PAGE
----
Directed by John Landis
I think this is the first “holiday” movie I’ve watched this year. To be honest, though, I never thought of Trading Places as that kind of movie until recently. But it is a kind of feel good movie and it is set around the holiday season. There is even a scene with Dan Ackroyd dressed up as Santa as a way to slip into a seasonal party.
So, yes, it’s a Christmas movie.
Fortunately, it has a lot more going for it than some seasonal schmaltz. It’s very funny and very well executed.
Deliberately or not, the movie brings together two story ideas of Mark Twain. The first is The Prince and the Pauper, where roles are exchanged between a prince and a commoner. The second is the The £1,000,000 Bank Note where a bet is made that a poor man, given a one million pound note, would not even need to spend it because the world would treat him differently.
In Trading Places, Dan Ackroyd as Louis Winthorpe III and Eddie Murphy as the street hustling Billy Ray Valentine, trade roles because two wealthy men have made a bet (the Dukes – Ralph Bellamy and Don Ameche).
Louis is a wealthy, prissy and pampered commodities broker working for the Randolph and Mortimer Duke. Randolph bets his brother one dollar that Louis would quickly become a scrounging criminal if all his wealth was taken from him. At the same time, a street thief given the opportunities and wealth of Louis, would quickly replace him, being equally snotty.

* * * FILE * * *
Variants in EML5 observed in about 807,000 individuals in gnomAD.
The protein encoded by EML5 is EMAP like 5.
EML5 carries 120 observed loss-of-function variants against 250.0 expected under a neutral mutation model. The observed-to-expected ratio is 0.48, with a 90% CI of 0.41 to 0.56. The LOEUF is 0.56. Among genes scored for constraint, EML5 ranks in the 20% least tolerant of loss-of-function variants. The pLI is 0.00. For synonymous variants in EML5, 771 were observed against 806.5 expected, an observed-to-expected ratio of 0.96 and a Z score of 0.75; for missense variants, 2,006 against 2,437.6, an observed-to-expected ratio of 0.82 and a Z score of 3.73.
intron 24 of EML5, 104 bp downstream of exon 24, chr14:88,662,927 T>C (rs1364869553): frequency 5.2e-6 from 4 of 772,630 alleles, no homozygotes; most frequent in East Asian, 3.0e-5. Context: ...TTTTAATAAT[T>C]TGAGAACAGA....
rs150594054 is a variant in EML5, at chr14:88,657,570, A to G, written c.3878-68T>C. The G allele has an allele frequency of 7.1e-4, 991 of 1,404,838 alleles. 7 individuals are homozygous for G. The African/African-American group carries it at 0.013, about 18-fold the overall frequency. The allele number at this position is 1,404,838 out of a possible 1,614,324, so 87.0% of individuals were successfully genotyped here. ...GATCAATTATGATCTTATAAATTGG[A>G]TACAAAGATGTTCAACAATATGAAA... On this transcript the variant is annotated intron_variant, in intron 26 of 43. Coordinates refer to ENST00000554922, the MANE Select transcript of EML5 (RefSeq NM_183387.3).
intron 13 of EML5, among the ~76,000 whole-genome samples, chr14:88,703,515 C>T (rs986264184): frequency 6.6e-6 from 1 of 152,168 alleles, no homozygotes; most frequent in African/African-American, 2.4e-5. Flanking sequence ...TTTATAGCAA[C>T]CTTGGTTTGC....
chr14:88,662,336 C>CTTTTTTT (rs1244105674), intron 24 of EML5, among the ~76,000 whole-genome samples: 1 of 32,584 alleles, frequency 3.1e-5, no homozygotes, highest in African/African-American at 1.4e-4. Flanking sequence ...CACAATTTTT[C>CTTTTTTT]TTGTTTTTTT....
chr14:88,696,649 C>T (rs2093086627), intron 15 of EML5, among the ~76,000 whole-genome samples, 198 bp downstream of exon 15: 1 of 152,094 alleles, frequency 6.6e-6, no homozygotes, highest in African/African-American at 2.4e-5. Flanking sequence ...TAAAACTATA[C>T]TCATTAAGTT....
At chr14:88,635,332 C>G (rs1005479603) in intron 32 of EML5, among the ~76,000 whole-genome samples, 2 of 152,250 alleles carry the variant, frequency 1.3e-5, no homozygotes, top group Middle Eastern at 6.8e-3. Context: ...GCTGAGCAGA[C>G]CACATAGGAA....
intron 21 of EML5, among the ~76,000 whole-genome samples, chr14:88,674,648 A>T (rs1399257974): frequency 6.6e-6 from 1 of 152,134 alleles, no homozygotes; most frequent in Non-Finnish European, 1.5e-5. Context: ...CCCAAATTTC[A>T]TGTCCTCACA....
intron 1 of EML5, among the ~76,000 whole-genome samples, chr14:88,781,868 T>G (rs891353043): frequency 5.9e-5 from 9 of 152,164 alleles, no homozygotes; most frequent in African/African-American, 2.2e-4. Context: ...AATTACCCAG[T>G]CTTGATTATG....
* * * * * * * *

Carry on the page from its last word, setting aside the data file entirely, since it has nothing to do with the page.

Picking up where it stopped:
So they change the lives of Louis and Billy Ray by switching them.
What we end up with is the fish out of water story – two of them, actually – and it’s very funny seeing the wealthy man suddenly dealing with poverty and the impoverished man suddenly wealthy and fawned over.
At the same time (as with the Twain stories) it allows for a degree of social commentary, though it isn’t excessive here. It also allows for wonderful characterizations. Trading Places is a kind of Capra movie with a more contemporary sensibility. It’s also a kind of variation on a movie like My Man Godfrey.
It’s not a screwball comedy, but at moments it dances around that kind of movie.
Like comedies involving wealth and poverty from the 1930s and 1940s, the movie has great supporting characters and performances, particularly from Ralph Bellamy and Don Ameche as the Dukes (they seem to really relish these roles).
There is also Jamie Lee Curtis as Ophelia – a cliché as the hooker with a heart of gold but she brings something more to the role so you don’t really notice that it is a cliché.
And of course, there is Denholm Elliot as Coleman the man servant. He’s key in the movie because of his dry, straight-faced expressions, or slightly raised eyebrows. He’s often the punctuation on a joke.
This movie is a lot of fun to watch and well worth seeing more than once. If I don’t think of it as a Christmas movie, it is likely because Christmas is a kind of backdrop to the story. It’s a plot device rather than a theme.
But if the season provides a reason for watching it, so be it. You won’t go wrong with this one.